Project LOVE: One Small Practice

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Project Love
During one of the first online classes I taught in Encourage’s Zoom studio, I shared some of Bonnie Myotai Treace’s poem “One Small Practice:”
“We are the right sangha, the right community 
for this challenge.
Every day find a way, big or small, to show care for another.
At least one. Every day.”

In many ways, ‘One Small Practice’ was the inspiration behind Project LOVE – $5/online yoga classes that become FREE to anyone who needs them with the use of the promo code LOVE during the checkout process. Offering accessibly-priced, classes was my first stab at trying to answer the imperative to “find a way, big or small, to show care for another.”Of course, we’re still mid-launch on that effort; your patience with the pace of classes being added to the online schedule and your enthusiasm for what is being offered is a way that you’re extending care to me. I thank you for that!Then yesterday, I was drawn to another section of Myotai’s poem. My wife, Paula, forwarded me an article from Harvard Business Review, “That Discomfort You’re Feeling is Grief.”  It’s one of the HBR’s most shared articles right now.

The topic reminded me of the third of three practices (Memorial Heart) which Myotai offers: 

“Grief is coming, is here, will be here.
Make space and time for it.
Love, appreciation, reflection, sorrow:
You will need to sit quietly and let these happen.
We need to be real, are capable of being real,
Are called on to be real. 
So, for at least five minutes
Let grief in. Let it have its way.”

* * *
So far, we’re not really stocking our online schedule with a lot of rock ’em, sock ’em classes. I guess that’s never really been our thing at Encourage anyhow. But in this (always subject to change) moment, there seems to be a collective desire to slow things down as a way of meeting what is happening within and around us: we’re recognizing that “[w]e need to be real, are capable of being real, /Are called upon to be real.”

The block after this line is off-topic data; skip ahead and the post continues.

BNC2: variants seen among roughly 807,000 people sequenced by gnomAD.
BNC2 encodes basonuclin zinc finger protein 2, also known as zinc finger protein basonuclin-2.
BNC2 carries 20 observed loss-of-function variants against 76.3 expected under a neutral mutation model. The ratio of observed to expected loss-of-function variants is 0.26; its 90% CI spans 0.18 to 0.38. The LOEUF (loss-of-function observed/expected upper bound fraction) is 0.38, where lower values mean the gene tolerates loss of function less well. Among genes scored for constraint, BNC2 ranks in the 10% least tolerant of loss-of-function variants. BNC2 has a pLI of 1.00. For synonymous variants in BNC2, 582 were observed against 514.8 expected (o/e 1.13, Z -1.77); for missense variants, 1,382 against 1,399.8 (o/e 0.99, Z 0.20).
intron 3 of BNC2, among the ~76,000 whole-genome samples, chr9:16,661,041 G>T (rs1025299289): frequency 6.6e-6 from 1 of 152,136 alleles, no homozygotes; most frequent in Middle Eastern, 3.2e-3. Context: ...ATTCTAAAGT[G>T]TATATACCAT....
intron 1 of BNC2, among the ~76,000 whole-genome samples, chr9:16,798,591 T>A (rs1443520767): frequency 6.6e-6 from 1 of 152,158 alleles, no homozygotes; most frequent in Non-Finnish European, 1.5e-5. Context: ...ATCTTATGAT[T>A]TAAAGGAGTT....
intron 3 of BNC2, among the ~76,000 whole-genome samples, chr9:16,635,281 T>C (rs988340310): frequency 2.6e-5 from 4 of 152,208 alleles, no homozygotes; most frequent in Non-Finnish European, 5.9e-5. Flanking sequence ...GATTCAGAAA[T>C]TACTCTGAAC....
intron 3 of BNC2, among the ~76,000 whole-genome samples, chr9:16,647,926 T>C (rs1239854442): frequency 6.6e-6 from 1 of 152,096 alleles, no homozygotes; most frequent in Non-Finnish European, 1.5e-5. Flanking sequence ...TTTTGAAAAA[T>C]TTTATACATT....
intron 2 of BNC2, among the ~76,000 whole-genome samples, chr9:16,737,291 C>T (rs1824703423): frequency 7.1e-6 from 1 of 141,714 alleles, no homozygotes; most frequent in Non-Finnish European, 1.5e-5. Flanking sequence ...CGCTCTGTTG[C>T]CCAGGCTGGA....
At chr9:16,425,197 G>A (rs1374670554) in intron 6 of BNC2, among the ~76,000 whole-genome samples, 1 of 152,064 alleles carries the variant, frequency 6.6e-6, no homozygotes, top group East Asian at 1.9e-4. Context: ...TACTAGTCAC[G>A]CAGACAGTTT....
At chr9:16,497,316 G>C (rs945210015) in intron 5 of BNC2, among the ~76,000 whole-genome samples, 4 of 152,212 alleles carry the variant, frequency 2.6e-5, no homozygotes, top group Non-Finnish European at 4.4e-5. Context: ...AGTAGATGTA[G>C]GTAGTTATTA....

True, that can happen in the midst of physically challenging practices. (Of course it can.) It’s just that, right now, for many of us, there seems to be the desire and/or the need for making space and time…

David Kessler, the interviewee in that article on grief notes that, “it’s a good time to stock up on compassion.” He relates the story of a coworker who got snippy with him and how he thought, “That’s not like this person; that’s how they’re dealing with this. I’m seeing their fear and anxiety.” Patience.

Of course, finding ways to care for another, the practice of making space and time for grief and the practices of patience and compassion – they sound like distinct practices, but they’re not really separate; they’re interconnected. 

Just like us. We’re not really separate; yes, we’re socially distant. But no, we’re not separate.

We are the right community for this challenge. Let’s continue to make space and time for it. All of it. All of us. 




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